State Senate Measure Would Create Highest Income Tax Level in US
Hawaiʻi could be on track to set the highest state income tax level in the country.
The Hawaiʻi State Senate passed Senate Bill 56 on March 9, which aims to address a multi-billion dollar shortfall in state revenue through a number of different tax and rate increases.
The measure, introduced by Senator Stanley Chang (District 9 – O´ahu), would impose a 16% tax on individuals earning more than $200,000 a year, up from the current rate of 11%.
Further, it would increase the capital gains rate from 7.25% to 11% and impose a single rate for the corporate income tax at 9.6%. The bill would also repeal certain GET exemptions from July 1, 2021, until June 30, 2023.
And finally, SB 56 would increase conveyance taxes for the sale of properties valued from $1 million to $2 million to 0.6%; from $2 million to $4 million to 1%; and so on. The highest bracket that conveyance taxes would raise is $10M and above to 2%.
Individual filers making less than $200,000 would not be subject to any state income tax increase.
“With a budget shortfall of over $2 billion, we need to look at various ways to generate much needed revenue for our state,” Sen. Chang said in a statement. “In order to avoid future furloughs and layoffs for state workers, we need to consider every option to prevent disruptions to essential government services.”
Gov. David Ige had announced the state’s intention to furlough several workers for two days per month beginning in 2021. However, he postponed that action until at least the summer with the passage of a $900 billion coronavirus aid package in December.
President Joe Biden on Thursday signed into law a $1.9 trillion relief package, which includes direct funding to state and county governments that can be used to address budget shortfalls.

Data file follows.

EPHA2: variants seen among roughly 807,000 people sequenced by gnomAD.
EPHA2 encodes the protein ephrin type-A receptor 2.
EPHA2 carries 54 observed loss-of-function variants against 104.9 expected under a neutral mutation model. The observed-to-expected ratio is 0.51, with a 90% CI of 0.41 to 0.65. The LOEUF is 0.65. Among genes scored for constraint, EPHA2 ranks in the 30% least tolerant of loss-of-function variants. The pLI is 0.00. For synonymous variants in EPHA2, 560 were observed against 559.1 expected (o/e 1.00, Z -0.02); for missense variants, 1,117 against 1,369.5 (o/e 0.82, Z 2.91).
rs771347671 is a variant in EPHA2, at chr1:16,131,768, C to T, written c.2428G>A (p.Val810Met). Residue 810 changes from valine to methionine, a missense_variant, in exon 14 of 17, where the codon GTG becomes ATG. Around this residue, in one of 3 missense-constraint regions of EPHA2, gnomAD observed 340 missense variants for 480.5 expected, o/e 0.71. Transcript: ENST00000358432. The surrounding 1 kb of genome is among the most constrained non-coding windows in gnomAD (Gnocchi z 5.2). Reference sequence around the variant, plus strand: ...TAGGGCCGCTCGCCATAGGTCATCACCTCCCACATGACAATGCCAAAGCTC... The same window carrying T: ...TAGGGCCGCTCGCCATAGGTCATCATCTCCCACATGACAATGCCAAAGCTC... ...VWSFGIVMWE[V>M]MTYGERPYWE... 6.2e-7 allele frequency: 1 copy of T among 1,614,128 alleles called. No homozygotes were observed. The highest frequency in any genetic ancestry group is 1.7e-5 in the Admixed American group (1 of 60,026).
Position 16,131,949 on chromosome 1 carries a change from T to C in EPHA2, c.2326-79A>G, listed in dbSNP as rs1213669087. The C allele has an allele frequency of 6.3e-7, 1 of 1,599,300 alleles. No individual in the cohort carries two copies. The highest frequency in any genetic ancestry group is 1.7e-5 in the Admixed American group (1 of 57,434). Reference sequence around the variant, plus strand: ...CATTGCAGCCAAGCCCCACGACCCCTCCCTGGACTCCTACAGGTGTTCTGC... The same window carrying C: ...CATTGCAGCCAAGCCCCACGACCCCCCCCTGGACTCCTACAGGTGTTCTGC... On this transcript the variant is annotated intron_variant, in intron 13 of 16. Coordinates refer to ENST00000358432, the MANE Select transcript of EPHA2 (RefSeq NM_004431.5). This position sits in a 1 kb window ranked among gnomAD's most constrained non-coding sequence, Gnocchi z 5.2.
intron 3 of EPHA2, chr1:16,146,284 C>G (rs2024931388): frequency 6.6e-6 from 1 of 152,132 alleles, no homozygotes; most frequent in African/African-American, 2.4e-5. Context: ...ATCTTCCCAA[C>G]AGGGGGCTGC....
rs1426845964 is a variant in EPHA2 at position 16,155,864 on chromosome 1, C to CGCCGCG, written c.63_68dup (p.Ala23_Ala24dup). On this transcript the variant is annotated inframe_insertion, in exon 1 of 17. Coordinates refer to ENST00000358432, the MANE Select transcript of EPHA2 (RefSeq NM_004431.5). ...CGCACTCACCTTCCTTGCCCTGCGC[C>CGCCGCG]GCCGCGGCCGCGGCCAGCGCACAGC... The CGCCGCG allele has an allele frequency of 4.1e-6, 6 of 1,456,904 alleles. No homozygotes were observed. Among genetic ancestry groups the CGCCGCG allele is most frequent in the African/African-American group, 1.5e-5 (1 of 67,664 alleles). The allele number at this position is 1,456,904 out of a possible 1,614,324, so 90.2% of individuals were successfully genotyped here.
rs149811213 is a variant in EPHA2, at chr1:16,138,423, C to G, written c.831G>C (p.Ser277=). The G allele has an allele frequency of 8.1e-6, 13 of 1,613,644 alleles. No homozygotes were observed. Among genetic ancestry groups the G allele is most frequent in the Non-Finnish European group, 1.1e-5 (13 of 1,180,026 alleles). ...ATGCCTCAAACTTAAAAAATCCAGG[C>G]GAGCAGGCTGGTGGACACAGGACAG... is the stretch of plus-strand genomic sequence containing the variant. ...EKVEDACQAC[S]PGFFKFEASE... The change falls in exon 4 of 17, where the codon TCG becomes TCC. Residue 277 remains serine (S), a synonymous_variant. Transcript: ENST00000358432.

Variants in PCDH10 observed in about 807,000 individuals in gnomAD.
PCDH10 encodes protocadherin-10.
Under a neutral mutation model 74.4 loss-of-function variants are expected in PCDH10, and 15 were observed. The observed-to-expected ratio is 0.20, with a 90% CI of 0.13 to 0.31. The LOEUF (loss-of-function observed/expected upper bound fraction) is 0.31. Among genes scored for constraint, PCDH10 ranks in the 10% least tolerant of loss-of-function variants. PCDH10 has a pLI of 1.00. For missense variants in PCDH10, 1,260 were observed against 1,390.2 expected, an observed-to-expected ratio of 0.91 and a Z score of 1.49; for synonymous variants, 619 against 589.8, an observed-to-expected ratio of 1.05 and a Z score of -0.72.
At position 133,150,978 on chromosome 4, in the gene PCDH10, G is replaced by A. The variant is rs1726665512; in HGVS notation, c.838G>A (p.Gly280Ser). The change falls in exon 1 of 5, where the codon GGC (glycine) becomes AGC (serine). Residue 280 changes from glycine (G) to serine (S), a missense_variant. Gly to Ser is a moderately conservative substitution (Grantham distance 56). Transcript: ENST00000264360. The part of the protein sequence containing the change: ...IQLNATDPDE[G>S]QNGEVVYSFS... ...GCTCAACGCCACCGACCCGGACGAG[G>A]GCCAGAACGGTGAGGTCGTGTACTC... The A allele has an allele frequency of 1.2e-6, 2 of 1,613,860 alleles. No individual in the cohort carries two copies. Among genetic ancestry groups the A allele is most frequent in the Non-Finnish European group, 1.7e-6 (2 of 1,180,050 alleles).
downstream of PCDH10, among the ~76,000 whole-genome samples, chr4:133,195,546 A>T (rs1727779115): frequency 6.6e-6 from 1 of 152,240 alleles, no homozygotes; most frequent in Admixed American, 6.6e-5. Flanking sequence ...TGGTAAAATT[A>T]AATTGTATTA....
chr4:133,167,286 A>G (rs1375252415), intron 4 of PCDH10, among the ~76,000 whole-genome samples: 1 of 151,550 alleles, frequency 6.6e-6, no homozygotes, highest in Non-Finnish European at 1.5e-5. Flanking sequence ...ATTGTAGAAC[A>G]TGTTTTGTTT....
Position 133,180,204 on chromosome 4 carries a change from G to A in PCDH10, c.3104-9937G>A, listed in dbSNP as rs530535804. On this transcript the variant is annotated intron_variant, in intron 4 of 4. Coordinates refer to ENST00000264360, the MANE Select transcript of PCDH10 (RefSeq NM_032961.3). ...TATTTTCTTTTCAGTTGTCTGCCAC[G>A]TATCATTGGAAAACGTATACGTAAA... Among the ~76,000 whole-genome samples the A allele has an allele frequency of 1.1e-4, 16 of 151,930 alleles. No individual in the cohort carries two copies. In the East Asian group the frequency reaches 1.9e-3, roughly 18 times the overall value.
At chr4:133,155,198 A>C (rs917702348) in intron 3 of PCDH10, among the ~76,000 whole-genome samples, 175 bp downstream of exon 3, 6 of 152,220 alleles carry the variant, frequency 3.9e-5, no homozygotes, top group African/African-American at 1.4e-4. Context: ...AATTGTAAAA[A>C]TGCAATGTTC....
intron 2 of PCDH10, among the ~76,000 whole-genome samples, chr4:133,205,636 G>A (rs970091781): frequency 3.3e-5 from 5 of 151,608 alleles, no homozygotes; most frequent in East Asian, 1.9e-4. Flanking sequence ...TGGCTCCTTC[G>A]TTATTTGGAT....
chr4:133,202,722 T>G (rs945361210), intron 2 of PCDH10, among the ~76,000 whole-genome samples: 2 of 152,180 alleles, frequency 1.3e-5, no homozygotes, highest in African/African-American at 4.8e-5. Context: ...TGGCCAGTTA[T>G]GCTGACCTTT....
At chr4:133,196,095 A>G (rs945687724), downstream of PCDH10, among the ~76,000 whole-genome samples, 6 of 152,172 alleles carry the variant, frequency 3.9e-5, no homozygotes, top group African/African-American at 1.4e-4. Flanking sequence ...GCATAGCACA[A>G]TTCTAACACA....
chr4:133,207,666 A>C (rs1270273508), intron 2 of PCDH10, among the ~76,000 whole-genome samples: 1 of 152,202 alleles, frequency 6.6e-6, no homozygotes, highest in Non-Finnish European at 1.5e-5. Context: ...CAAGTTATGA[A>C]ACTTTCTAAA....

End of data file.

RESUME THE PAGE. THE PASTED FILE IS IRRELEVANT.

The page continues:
The developments make the prospect of furloughs less necessary, especially as the Hawai´i Safe Travels Program continues to usher more and more visitors back to the state as COVID-19 vaccination rates climb daily nationwide.
Governor David Ige said earlier this week that a vaccine passport program could be a reality in Hawai´i as soon as May, adding that he expects a return to some sort of pre-pandemic normal by mid- to late-summer of this year.
Federal dollars and signs of an imminent rebound for the economy could give pause to legislators who would have otherwise pushed for the revenue-generating tax hikes.
However, multiple sources in the state capitol have told Big Island Now that the political context to raise taxes on wealthy individuals and corporations, creating what many legislators have championed as “tax fairness,” is not likely to prove more favorable than it is now. That reality will continue to afford the tax increases momentum, even as more than $6 billion in federal aid will soon flood into Hawai´i, along with more visitor dollars every month.
The measure passed third reading in the Senate Wednesday and will advance to the State House of Representatives for consideration.